The Memex: “Consider a future device for individual use, which is a sort of mechanized private file and library. It needs a name, and, to coin one at random, ‘memex’ will do. A memex is a device in which an individual stores all his books, records, and communications, and which is mechanized so that it may be consulted with exceeding speed and flexibility. It is an enlarged intimate supplement to his memory.
It consists of a desk, and while it can presumably be operated from a distance, it is primarily the piece of furniture at which he works. On the top are slanting translucent screens, on which material can be projected for convenient reading. There is a keyboard, and sets of buttons and levers. Otherwise it looks like an ordinary desk.
Personal, corporate, and wide area information integrated (WAIS concepts paper, Web, Google Drive): “Most of the memex contents are purchased on microfilm ready for insertion. Books of all sorts, pictures, current periodicals, newspapers, are thus obtained and dropped into place. Business correspondence takes the same path. And there is provision for direct entry. On the top of the memex is a transparent platen. On this are placed longhand notes, photographs, memoranda, all sorts of things. When one is in place, the depression of a lever causes it to be photographed onto the next blank space in a section of the memex film, dry photography being employed.”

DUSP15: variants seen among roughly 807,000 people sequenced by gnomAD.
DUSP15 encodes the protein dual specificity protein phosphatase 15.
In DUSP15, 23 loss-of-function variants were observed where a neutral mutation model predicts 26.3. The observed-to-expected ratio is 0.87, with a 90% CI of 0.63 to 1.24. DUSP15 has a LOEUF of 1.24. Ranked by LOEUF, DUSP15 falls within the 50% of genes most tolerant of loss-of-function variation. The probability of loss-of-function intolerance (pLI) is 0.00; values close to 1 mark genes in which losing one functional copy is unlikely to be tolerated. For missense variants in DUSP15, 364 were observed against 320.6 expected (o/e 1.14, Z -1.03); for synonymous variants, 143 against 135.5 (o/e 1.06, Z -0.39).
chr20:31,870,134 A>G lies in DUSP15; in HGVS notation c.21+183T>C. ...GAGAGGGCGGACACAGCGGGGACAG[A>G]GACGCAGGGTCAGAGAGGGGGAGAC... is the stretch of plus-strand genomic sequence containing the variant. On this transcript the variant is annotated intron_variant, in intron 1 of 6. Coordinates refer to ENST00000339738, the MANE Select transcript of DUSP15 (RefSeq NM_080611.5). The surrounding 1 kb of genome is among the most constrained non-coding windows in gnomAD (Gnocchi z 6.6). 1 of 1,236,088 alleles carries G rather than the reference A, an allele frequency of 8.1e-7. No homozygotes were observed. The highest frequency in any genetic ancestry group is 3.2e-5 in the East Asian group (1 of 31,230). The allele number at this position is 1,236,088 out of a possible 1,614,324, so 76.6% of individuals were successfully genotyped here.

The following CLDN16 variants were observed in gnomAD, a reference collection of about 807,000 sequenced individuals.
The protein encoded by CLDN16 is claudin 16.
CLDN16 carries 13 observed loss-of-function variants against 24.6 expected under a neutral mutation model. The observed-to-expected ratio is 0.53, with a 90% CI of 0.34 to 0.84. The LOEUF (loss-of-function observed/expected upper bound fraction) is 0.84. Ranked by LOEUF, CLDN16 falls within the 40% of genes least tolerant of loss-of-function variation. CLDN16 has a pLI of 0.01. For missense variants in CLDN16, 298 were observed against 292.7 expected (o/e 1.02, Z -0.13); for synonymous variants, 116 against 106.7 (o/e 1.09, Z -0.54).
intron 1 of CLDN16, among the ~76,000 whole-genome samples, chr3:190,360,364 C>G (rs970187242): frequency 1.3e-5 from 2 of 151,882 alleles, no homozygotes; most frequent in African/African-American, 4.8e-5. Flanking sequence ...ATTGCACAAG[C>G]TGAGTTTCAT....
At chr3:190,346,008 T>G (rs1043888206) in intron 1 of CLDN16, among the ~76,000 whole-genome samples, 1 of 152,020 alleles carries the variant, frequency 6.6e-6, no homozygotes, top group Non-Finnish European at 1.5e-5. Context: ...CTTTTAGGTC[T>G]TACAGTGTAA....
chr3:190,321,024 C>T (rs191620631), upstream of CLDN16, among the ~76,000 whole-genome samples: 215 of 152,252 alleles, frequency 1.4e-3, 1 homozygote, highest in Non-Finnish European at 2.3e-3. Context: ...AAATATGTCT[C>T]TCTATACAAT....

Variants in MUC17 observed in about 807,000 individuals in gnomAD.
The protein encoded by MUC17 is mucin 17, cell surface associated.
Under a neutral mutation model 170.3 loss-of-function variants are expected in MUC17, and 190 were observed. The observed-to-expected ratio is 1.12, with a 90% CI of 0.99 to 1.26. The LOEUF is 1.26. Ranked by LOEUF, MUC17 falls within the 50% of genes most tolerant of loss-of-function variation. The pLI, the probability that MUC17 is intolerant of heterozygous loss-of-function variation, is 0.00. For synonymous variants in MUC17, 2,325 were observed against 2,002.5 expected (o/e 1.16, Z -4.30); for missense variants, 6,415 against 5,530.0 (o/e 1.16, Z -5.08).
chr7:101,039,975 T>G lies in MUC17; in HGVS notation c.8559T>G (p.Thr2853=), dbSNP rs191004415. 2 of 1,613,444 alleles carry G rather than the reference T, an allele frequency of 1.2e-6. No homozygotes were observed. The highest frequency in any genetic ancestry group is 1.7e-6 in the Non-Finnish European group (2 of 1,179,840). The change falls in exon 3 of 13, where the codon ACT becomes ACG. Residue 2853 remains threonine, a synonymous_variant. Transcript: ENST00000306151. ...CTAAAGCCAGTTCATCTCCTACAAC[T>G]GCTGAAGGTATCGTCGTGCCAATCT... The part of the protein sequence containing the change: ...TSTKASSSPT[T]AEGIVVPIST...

Flipping through pages on a screen: “On deflecting one of these levers to the right he runs through the book before him, each page in turn being projected at a speed which just allows a recognizing glance at each. If he deflects it further to the right, he steps through the book 10 pages at a time; still further at 100 pages at a time. Deflection to the left gives him the same control backwards.”
Annotation (not done yet, hypothosis): “He can add marginal notes and comments, taking advantage of one possible type of dry photography, and it could even be arranged so that he can do this by a stylus scheme, such as is now employed in the telautograph seen in railroad waiting rooms, just as though he had the physical page before him.”